Well, I hope you had a happy Christmas or whatever you celebrate at this time of year. As I read three detective stories during December, Hercule Poirot’s Christmas, Voice of the Violin and A Great Deliverance, I thought I’d compare the three sleuths for your enjoyment.
Agatha Christie’s Hercule Poirot needs no introduction, surely. Most modern audiences will be familiar with him as portrayed by David Suchet on television, or by Peter Ustinov or Albert Finney in film (among many others). I can’t remember reading a Poirot mystery before, although I read a number of Agatha Christie books in my teens and twenties. Elizabeth George’s Inspector Lynley, introduced in A Great Deliverance, may be less well known, although Nathaniel Parker played him in the UK TV series and is well-known in the US. I don’t know whether Salvo Montalbano has made it to the US, but Andrèa Camilleri’s Sicilian detective has been a great success in the UK, lightening our Saturday evenings in between the very much darker crime series from Denmark and Sweden. Sicily or Sweden in winter… no contest! I read the Lynley mystery for my bookclub, and the Montalbano was the fourth I’ve read (some have been reviewed here) as I got them for a Christmas present last year. Maybe my review is biased as I like Montalbano on TV best of the three.
In Voice of the Violin, Montalbano is pre-occupied with the question of adoption of a young boy he rescued in an earlier book. There are threads that run through the Montalbano books, like his long-distance relationship with his girlfriend and his rivalry with his number two, that add to our understanding of his character without any description being needed. The crime is discovered by accident, and needs to be discovered officially before he can investigate, and then local politics take over and he is ousted from the investigation, to the outrage of his team. The Sicilian detective world is one where women are either victims or witnesses, mainly young and beautiful, whether elegant or peasant, unless they are old, in which case they are often venerable and wise. Or exceptionally good cooks. I should say that food is a major feature of these books. You’d better enjoy seafood and pasta! A couple of recurring female characters are smart cookies who usefully prod Salvo in the right direction. In this story we are mired in a case of inept carabinieri falsifying evidence until something that has nagged Montalbano right from the start is suddenly propelled back into his brain thanks to the wise lady and her weekly violin recital.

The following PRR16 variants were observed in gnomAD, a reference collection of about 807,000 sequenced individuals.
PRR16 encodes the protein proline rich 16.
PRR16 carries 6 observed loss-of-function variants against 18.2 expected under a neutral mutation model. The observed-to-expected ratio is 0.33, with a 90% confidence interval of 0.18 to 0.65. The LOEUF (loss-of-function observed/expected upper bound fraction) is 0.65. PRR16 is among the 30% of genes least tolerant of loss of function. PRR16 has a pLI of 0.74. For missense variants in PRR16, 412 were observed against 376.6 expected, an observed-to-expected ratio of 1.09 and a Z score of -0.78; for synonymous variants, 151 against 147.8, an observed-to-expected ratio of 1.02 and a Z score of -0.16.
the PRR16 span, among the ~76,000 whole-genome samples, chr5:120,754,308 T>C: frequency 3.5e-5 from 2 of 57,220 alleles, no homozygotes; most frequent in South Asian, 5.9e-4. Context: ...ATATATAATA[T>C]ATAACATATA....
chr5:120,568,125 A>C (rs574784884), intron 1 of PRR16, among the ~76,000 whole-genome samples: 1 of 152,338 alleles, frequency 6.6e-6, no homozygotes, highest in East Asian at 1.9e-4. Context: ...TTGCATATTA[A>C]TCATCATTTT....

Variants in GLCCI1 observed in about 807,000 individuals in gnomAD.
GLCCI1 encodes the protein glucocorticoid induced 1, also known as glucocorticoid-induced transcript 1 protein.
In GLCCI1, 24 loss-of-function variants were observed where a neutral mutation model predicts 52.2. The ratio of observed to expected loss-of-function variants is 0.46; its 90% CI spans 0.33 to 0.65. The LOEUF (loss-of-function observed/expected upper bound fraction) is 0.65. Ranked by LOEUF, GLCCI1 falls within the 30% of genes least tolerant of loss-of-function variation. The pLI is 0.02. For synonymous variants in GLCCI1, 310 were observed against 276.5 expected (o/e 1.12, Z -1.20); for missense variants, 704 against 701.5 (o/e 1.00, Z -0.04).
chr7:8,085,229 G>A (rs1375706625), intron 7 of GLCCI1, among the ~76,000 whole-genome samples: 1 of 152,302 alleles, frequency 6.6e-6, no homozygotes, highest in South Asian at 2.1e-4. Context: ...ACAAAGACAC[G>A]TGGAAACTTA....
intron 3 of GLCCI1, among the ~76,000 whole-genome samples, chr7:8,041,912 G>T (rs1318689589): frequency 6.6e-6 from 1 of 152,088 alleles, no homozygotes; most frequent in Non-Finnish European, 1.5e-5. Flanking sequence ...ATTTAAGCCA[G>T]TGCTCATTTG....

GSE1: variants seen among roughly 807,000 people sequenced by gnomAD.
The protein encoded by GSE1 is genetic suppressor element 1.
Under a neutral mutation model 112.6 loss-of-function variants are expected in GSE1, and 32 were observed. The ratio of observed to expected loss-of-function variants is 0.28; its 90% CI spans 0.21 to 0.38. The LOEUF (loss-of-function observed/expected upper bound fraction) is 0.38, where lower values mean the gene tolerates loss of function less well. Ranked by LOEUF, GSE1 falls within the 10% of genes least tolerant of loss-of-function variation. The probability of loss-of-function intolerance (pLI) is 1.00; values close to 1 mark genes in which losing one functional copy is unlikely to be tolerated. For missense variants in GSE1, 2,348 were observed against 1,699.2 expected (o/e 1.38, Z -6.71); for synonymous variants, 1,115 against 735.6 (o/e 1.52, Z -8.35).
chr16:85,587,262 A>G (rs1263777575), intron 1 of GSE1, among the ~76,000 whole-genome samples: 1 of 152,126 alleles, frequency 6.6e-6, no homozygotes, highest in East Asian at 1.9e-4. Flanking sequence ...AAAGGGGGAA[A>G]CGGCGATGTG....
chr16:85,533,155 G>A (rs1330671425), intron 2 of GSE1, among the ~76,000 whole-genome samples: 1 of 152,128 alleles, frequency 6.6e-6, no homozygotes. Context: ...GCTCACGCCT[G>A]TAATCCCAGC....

I enjoy the Camilleri style, the scenery is gorgeous, the characters just daft enough to avoid being total caricatures of dim policeman, and the more I read, the more I enjoy them. I stayed up late to finish this one as I didn’t want to put it down.
With Elizabeth George’s book, A Great Deliverance, I had to force myself to return to it. If it hadn’t been a bookclub read I’d have given up in disgust. Wading through the first 200 pages, full of pretentious prose interspersed with bigoted descriptions and first-class dialogue, abounding with what were to me obviously extraneous (and outrageously stereotypical) characters, was a real chore. The last third of the book was well-written, focused on the story and revealed its horrific denouement in a sensitive and all-too-believable manner. The only real surprise was which of two was covering for the other. No, not surprise, discovery. It could have been either. Frankly, I didn’t care which.
I was reminded when reading this book of my father’s irritation with female writers. Sorry, women everywhere, but that was his view. It was brought about by unnecessary soul-searching and the tendency of the female of the species to delve endlessly into dissecting possible motivations (especially when totally unconnected with the plot). Some women writers don’t do that at all. Some should do it an awful lot less. Just my opinion. I hated it, will not bother reading more Inspector Lynley mysteries (although they may develop in style), and since Elizabeth George is actually P D James, I won’t be reading any of hers, either.
I found Hercule Poirot’s Christmas when I was searching down some Goodreads lists looking for Christmas books to read and review for you. It’s the only one on my list this year I bought, the rest I already had. My brother complains that Camilleri is formulaic in his Montalbanos, and Agatha Christie is certainly formulaic in her country house murders.
We are introduced to the elderly patriarch, his sons and their wives in order. Also, for our diversion, we are introduced to some extraneous characters and a couple of prodigal children, or sons or daughters thereof. It’s an enjoyable mix, as one immediately starts to decide who did it, even before the murder takes place. As usual, I failed to spot the right character, but I did do better than usual at unravelling the key detail glossed over rather early in the story. I don’t think it’s one of her best, but it was a perfectly acceptable read to accompany a surfeit of Christmas pudding.
The three sleuths are of course, very different, and it’s hard to compare them. They are who they are, Montalbano the honest but unconventional detective, Lynley a British toff who may turn out better as the series develops, and Poirot the professional amateur, the brilliant mind. Personally I’ll stick with the Sicilian, but I’m sure you have your favourite!
As we head into the new year I’d like to warn you I’m moving this website onto a new provider in the next week. There’ll be a last haiku of the year on Tuesday, then, if all goes well, the address jemimapett.com will take you seamlessly to the new website. If not, you’ll be stuck with the wordpress version with an advert at the end of each post. Try retyping jemimapett.com if that happens.
Have a happy new year, and I’ll see you on the other side.